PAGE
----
The situation the other night between Rajon Rondo and Rick Carlisle wasn’t Paul Newman and Strother Martin in Cool Hand Luke. But clearly, “What we have here is a failure to communicate.”

rondoCarlisle knows it; he was aware of it before it started. Then it all came to a head on Tuesday night in the third quarter vs. the Raptors. Rondo began a shouting match with his coach on the court. It continued into a timeout. The player was benched; the yelling continued into the locker room after the game.

That’s not a recipe towards coming together as a team with only 22 games until the playoffs.

Fortunately for the Mavericks, Carlisle has learned a few things from his years of experience as a coach in this league. Larry Bird was a big influence, as was Bill Fitch, among others. The great Celtics teams of the 80’s provided a stable foundation of learning how to win for Carlisle, who, in my opinion, is one of the most underrated coaches in league history.

Take this latest situation with Rondo, for instance. There are several ways to deal with it. Can you imagine how Bob Knight would handle it? How about Dick Motta? Phil Jackson? Egos come in all shapes and sizes and those three are, well, large. All great coaches and good guys to grab a beer with, but I can’t imagine seeing much patience from them for a player who just got into a yelling match with them on the court.

How does the saying go? “It’s my way or the highway.”

Yeah, that’s how many coaches would deal with this, basically showing the player who’s boss and how it is going to be.

Carlisle has a highway too. But his goes both ways. Instead of putting this all on Rondo, Carlisle admits that the fault on this issue lies with both of them.

“The incident was born in large part from poor communication between him and I,” Carlisle said. “And that’s on both of us. We had a long talk about the situation, and we both agreed that we need to communicate more frequently and we need to work on the solution for making his stint as a Dallas Maverick the most successful one possible.”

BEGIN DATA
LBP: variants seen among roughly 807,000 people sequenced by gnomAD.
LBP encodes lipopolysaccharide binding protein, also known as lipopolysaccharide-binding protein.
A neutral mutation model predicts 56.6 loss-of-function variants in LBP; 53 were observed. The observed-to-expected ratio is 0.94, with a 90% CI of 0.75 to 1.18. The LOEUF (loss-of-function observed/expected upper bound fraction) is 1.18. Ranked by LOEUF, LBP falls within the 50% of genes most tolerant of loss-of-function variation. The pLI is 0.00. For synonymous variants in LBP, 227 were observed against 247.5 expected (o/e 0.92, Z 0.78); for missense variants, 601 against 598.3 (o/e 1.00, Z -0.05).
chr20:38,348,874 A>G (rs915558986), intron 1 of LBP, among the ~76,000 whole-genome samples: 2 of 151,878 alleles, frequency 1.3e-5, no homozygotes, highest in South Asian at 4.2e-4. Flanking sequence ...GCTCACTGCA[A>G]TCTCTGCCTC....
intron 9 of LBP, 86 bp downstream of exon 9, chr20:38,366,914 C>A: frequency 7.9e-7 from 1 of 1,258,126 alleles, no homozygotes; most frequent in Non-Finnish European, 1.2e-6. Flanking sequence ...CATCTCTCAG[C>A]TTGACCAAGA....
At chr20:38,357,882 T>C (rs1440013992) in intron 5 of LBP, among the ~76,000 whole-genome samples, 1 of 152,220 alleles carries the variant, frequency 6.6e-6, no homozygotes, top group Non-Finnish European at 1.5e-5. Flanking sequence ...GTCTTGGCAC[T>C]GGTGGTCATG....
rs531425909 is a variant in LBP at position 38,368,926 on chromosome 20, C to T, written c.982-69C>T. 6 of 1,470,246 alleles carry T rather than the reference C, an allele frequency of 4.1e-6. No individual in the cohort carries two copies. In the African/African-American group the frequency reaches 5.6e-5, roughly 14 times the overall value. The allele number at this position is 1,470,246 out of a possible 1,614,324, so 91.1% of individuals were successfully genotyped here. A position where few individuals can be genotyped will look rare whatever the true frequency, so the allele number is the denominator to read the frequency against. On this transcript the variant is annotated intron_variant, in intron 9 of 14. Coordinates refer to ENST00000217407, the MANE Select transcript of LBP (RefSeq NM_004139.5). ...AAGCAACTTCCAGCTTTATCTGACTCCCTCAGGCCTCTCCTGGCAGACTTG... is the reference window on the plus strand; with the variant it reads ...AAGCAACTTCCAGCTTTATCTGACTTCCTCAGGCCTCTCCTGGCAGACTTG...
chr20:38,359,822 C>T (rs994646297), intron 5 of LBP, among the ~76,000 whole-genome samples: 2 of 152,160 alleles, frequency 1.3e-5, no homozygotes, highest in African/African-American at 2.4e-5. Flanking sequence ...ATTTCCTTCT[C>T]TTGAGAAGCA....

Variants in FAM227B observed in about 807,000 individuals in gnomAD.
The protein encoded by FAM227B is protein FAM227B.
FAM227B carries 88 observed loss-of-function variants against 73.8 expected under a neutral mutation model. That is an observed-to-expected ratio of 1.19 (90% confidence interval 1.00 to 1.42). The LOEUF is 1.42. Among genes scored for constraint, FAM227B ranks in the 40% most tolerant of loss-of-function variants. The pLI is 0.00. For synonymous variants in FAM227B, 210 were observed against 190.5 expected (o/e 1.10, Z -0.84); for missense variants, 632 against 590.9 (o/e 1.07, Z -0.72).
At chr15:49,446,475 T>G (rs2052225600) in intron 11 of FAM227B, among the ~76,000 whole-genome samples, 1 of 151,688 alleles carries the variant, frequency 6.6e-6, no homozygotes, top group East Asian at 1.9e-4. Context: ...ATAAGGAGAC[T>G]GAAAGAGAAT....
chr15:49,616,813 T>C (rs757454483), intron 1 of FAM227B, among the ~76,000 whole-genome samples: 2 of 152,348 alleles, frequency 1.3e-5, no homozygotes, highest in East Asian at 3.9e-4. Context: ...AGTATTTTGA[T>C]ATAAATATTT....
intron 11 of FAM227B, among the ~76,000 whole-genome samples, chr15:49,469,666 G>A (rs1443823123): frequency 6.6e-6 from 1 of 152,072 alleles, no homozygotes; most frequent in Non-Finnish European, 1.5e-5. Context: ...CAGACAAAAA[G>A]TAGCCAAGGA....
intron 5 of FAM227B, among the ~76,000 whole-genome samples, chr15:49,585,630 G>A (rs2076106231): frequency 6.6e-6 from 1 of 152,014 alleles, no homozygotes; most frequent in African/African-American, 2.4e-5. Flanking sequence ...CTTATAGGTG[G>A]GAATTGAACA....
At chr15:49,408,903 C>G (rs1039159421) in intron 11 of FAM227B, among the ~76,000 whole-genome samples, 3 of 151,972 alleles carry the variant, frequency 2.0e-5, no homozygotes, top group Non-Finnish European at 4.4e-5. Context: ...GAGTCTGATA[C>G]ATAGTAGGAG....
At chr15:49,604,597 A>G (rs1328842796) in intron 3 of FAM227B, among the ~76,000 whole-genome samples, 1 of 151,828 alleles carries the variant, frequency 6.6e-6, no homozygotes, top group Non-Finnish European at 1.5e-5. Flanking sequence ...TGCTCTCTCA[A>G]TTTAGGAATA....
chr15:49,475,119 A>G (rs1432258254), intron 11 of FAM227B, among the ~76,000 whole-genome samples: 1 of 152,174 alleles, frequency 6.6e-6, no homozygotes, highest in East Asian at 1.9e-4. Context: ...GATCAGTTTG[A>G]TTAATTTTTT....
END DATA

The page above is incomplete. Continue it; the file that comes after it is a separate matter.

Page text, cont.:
Carlisle’s no dummy. There’s another saying — “Nip it in the bud.” That’s exactly what he’s done.

The Mavericks had the day off Thursday and are back on the practice court today. Carlisle said the issue is behind them and Rondo will be back in the starting lineup on Saturday vs. Brooklyn.

“For us to get where we want to get and we strive to get this season, his abilities have to be utilized by us the best possible way,” Carlisle said. “That’s in large part my responsibility, and I do not dodge that. That starts with great communication with him. I’m always working on being a better communicator. And we talked about it. And he admitted he’s got to do the same. We’ll go forward from here.”

That’s what makes Carlisle such a great coach. There’s no looking back. He immediately sat down with Rondo the next day and worked through the issue, while maintaining the discipline needed with a one-game suspension on Wednesday at Atlanta.

The jury is still out on whether the Rajon Rondo trade will work out for the Mavericks in the long run. Obtaining a veteran starter midway though the season is always a tricky proposition; even more so when that player is the point guard quarterbacking your team. But make no mistake – Carlisle will give the Mavericks the best chance of coming together with the biggest games of the season about six weeks away.

It’s still a two-lane highway. Trust that Carlisle will get everyone on his team going in the same direction.

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Rob Scichili (shick-lee) has worked in professional sports for over 24 years in PR and communications, including time with the Dallas Stars, Anaheim Ducks, MLB.com, Minnesota Timberwolves and Dallas Mavericks. A journalism graduate of Texas A&M, he is co-owner and editor at ScoreboardTx, principal at Shick Communications and VP at Franchise Sports & Entertainment while serving on the board of the Mike Modano Foundation.


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